Adaptive Hysteresis Compensation Using Reduced Memory Sequences
Journal article, 2017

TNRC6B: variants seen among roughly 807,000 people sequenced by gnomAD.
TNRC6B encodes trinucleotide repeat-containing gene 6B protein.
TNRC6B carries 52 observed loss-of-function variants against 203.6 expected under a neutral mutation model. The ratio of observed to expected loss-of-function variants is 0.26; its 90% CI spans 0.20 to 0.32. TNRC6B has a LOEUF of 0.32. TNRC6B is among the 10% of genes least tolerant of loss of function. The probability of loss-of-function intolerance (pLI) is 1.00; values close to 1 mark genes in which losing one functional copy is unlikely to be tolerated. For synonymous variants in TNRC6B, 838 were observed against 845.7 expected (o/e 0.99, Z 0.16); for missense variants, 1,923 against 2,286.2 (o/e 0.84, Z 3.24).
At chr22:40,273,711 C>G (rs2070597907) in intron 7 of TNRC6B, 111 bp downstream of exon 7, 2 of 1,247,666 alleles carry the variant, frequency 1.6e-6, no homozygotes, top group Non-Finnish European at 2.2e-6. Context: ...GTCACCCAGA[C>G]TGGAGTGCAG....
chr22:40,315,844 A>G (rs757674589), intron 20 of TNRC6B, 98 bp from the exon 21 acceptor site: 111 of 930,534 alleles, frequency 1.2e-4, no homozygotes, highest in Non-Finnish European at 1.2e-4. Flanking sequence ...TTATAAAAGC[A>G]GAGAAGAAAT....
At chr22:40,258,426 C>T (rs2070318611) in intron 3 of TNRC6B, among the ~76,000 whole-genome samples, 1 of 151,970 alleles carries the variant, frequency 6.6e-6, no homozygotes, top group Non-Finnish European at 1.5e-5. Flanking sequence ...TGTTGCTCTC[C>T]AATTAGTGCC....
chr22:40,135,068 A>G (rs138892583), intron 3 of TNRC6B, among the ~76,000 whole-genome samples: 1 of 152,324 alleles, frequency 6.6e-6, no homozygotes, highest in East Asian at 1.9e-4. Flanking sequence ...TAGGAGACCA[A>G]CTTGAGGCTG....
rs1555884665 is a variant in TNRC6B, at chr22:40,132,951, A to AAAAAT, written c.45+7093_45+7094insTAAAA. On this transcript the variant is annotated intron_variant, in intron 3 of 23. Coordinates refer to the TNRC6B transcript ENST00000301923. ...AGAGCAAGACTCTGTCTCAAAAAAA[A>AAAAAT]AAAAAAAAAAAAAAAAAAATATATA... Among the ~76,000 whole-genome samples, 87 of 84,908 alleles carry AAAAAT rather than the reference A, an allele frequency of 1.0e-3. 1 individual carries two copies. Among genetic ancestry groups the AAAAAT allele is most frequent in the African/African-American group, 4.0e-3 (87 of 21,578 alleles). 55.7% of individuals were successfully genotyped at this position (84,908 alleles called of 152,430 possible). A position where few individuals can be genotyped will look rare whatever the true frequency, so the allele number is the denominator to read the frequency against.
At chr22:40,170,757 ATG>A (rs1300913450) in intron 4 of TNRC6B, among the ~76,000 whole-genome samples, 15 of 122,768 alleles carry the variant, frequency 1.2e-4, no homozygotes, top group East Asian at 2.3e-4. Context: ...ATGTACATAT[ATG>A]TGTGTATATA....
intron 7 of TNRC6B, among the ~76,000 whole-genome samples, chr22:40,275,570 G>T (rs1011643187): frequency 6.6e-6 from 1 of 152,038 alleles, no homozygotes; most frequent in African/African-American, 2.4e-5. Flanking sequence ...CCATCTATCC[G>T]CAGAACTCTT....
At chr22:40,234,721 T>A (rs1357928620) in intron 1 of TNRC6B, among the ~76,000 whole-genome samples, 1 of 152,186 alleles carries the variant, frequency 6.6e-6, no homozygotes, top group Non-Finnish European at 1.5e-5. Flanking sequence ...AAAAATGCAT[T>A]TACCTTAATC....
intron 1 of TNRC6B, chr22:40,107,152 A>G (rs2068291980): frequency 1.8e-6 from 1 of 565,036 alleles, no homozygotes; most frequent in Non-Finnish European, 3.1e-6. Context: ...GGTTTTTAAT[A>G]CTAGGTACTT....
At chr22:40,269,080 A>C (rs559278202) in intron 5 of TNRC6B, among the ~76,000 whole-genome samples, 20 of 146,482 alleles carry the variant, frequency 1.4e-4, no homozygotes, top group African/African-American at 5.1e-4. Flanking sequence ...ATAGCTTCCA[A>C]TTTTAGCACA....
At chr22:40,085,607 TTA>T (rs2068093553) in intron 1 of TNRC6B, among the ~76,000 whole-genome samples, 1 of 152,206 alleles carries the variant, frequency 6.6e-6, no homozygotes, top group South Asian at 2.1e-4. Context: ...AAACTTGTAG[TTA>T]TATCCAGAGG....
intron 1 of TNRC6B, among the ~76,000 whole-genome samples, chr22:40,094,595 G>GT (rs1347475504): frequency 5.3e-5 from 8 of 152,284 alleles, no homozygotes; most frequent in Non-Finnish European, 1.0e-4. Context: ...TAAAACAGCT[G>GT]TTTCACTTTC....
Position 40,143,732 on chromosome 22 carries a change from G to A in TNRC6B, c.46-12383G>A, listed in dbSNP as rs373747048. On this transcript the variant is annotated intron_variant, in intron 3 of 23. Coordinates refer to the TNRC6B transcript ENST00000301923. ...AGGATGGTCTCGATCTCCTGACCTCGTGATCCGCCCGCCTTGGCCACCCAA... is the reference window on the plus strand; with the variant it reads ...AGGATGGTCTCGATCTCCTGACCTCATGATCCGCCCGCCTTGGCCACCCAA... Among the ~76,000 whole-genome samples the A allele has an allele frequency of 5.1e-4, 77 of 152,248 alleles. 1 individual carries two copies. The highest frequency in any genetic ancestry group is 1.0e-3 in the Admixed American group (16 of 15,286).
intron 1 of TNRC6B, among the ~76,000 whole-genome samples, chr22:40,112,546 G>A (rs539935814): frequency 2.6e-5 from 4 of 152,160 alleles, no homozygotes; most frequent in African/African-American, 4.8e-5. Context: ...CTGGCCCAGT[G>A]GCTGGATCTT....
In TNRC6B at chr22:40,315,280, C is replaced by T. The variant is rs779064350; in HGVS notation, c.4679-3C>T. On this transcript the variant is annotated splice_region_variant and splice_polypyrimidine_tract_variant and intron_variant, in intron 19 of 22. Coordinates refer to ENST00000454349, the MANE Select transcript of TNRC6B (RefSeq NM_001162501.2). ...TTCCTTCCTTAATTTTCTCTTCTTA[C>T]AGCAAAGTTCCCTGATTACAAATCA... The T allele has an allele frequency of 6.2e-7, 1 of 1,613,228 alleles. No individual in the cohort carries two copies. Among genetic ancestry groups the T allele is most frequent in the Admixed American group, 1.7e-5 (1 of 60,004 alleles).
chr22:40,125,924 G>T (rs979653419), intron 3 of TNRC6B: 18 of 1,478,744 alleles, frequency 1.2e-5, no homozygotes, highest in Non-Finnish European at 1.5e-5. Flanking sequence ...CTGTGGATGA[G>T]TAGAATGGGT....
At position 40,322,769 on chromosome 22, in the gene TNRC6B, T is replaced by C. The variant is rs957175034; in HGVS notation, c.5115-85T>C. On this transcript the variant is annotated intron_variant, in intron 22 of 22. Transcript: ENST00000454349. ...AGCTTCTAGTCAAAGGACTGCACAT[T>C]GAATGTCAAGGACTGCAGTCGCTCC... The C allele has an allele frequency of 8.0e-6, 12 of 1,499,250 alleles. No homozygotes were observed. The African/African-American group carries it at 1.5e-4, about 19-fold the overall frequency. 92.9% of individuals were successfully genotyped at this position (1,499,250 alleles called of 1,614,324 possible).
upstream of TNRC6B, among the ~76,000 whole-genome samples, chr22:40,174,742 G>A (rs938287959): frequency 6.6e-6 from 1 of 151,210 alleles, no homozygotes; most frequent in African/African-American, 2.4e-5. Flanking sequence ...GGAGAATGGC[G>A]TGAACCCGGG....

Hysteresis in sensors and actuators can often be effectively compensated for by implementing an inverse hysteresis model in series with the sensor or the actuator. However, an apparent problem enters when the hysteresis characteristics vary over time in an unpredicted manner. Here, we derive an adaptive hysteresis compensation method for the case when we only have observations that are very sparse in time and magnitude. Contrary to previous methods it is based on reduced memory sequences and a preidentified initial model, which makes it possible to use only a few adaption parameters. In particular, we investigate the Preisach model (PM). Using a Bernstein polynomial basis for the PM, it is shown that invertibility translates into linear constraints, which ensures that the overall identification problem for the initial PM is convex. The dependence on PM initial conditions may have negative effects on hysteresis compensation and model adaptation. We give general conditions for losing this dependence and also an upper bound for the maximum error it may cause. The method is experimentally applied to a sensor for measurement of torque in a shaft. At times, the shaft is unloaded and consequently the torque can then be independently observed as being zero. This kind of problem leads to a nonlinear parameterization, but with very few parameters to update, which is successfully achieved using an extended Kalman filter. The method essentially removes the effects of hysteresis, fatigue, and aging for the intended use of the sensor.